A modern re-telling of Dumas’s epic tale of suffering and retribution. The rivetting melodrama of a latter-day anarchist Count of Monte Cristo, Cristóbal Pinzón, a young Andalucian boy whose childhood is coloured by his father’s ruin and his family’s immiseration by three unscrupulous Englishmen and a Welshman (no Scotsmen, thankfully!). A lively page-turning but well-paced yarn of fraud, financial jiggery-pokery, revenge, radicalisation— and an illuminating romp through forty-odd years of Spanish and European culture and history from the fin de siècleto the opening shots of the Spanish Civil War. It is also about one man’s determination to bring about the social revolution by destroying capitalism from within — practically single-handedly! It was, after all, he, Cristóbal, who triggered the stock-market crash of 1929! A worthy comrade and contemporary of Farquhar McHarg!
I know nothing about the earlier or subsequent literary career of William Blake, but if THE WORLD IS MINEis anything to go by he was a fascinating character with a profound empathy and understanding of anarchist ideas and principles, at least as expressed through the actions and dialogue of his cultured, idealistic-yet-worldly Byronic protagonist, Cristóbal Pinzón, a cosmopolitan libertarian caped crusader given to deep philosophising, speaking in polysyllables, crisp ironic sentences, and plotting social revolution. Cristóbal’s fiscal high-jinks and complex schemes of spectacularly appropriate vengeance are remarkably plausible in detail; it is also a scathing indictment of Western civilisation, part of the story behind the Spanish Civil War and a handy vade mecum to capitalism and high culture. A rare classic, hard to put down; I wonder if Jeffrey Archer has discovered it yet?! — SC (Read Inside)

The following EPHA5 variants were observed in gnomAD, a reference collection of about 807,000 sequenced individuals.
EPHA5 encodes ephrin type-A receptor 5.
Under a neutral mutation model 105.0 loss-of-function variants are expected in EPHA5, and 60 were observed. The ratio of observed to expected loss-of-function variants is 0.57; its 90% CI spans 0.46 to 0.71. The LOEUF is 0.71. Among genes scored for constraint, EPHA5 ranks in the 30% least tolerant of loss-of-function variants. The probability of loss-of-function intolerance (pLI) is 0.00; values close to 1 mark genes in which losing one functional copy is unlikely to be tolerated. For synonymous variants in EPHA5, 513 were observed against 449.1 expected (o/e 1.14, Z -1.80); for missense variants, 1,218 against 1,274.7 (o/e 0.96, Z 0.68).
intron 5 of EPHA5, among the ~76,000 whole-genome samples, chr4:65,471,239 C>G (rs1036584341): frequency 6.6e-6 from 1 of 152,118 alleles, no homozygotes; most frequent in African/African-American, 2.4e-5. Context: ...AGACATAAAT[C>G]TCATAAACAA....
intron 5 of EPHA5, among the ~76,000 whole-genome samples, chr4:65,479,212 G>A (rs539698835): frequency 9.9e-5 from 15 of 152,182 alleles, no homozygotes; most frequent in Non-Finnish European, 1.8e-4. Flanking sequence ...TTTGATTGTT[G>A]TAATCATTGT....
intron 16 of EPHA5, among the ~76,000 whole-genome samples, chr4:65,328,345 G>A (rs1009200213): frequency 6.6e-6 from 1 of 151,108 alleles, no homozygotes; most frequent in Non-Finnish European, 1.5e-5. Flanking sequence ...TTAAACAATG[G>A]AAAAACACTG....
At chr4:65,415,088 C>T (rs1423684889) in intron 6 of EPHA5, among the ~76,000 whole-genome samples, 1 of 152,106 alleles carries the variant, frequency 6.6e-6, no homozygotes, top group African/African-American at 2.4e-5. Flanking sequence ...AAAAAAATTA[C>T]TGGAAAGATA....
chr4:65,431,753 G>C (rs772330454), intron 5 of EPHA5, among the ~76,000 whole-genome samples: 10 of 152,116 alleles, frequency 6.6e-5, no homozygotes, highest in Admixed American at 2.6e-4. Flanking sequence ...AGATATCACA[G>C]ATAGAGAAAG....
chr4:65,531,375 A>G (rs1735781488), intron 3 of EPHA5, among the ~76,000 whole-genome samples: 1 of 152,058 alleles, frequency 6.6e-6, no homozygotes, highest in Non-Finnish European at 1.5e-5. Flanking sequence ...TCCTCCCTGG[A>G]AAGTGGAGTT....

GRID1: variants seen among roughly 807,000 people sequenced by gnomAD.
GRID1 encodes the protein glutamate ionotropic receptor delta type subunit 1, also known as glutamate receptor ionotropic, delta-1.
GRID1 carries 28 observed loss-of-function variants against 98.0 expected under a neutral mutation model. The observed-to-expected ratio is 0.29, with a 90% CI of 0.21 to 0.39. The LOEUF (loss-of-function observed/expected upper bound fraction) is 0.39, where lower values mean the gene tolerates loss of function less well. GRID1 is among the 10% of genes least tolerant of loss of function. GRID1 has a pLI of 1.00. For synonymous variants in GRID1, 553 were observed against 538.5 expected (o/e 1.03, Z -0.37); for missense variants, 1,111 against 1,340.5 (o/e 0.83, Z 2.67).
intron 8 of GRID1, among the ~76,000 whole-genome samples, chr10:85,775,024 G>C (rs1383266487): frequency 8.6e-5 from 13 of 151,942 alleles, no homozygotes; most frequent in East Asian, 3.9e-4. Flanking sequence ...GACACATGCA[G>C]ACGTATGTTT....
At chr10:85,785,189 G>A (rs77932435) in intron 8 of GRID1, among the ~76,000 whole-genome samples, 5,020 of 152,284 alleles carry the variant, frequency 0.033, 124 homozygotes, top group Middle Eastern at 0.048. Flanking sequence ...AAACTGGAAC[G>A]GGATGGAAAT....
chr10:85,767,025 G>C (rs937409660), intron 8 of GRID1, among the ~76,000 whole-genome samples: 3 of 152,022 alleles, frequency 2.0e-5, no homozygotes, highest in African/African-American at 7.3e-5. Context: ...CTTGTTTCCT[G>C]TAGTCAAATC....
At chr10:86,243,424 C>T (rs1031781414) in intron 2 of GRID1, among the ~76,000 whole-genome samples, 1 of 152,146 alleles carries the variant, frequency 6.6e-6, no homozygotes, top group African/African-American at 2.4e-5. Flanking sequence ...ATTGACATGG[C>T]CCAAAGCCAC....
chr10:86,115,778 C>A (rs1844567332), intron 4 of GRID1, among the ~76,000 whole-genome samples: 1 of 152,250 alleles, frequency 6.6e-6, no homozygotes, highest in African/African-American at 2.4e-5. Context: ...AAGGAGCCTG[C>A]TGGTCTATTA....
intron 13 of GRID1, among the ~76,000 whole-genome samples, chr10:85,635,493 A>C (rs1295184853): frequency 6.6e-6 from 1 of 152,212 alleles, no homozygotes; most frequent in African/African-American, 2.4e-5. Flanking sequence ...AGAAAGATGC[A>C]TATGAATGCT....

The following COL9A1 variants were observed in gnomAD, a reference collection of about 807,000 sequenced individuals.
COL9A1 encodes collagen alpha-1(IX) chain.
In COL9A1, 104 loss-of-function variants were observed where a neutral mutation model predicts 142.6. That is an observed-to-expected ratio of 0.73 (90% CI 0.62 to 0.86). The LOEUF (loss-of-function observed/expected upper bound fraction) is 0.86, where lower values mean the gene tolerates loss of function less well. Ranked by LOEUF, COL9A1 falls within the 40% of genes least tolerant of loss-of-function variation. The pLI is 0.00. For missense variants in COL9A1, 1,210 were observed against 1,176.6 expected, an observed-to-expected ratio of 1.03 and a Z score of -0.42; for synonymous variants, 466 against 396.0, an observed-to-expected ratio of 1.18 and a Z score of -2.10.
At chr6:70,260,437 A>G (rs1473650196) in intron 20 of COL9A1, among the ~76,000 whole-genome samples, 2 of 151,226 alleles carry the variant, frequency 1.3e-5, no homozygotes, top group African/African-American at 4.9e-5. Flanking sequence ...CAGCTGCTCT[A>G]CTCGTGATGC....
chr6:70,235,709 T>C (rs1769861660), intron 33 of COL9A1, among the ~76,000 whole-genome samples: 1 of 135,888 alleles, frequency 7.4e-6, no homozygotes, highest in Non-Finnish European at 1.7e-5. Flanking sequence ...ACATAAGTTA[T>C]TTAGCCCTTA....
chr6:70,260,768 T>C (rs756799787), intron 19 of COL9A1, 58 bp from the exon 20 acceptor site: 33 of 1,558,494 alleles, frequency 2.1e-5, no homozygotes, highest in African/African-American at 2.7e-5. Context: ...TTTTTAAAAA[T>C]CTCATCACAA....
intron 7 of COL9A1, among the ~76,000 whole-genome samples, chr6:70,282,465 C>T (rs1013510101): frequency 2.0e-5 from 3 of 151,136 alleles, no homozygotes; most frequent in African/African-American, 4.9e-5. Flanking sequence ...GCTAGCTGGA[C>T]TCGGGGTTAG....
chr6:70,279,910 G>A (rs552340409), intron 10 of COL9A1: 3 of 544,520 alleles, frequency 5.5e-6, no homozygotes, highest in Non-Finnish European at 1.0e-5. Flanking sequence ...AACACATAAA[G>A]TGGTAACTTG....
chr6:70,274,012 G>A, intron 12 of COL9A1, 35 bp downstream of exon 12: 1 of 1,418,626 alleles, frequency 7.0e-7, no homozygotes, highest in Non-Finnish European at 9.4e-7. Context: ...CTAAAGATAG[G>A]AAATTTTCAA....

“That land was the land of wine, and Salvatierra, with the impassivity of the abstainer, cursed the power that alcoholic poison wielded over the people, transmitting its evil from generation to generation. The bodega was the modern counterpart of the feudal fortress that held the masses in slavery and abjection.”
Literature often offers a window into the cultural feelings and attitudes of a given time and place. By examining how the representations of Spanish anarchists in literature are related to the actual historical rise and development of the movement, we can more easily understand the obstacles and influences such a movement faced in the larger culture. Such study provides an important cultural context to the literature of anarchism while adding value to the works themselves.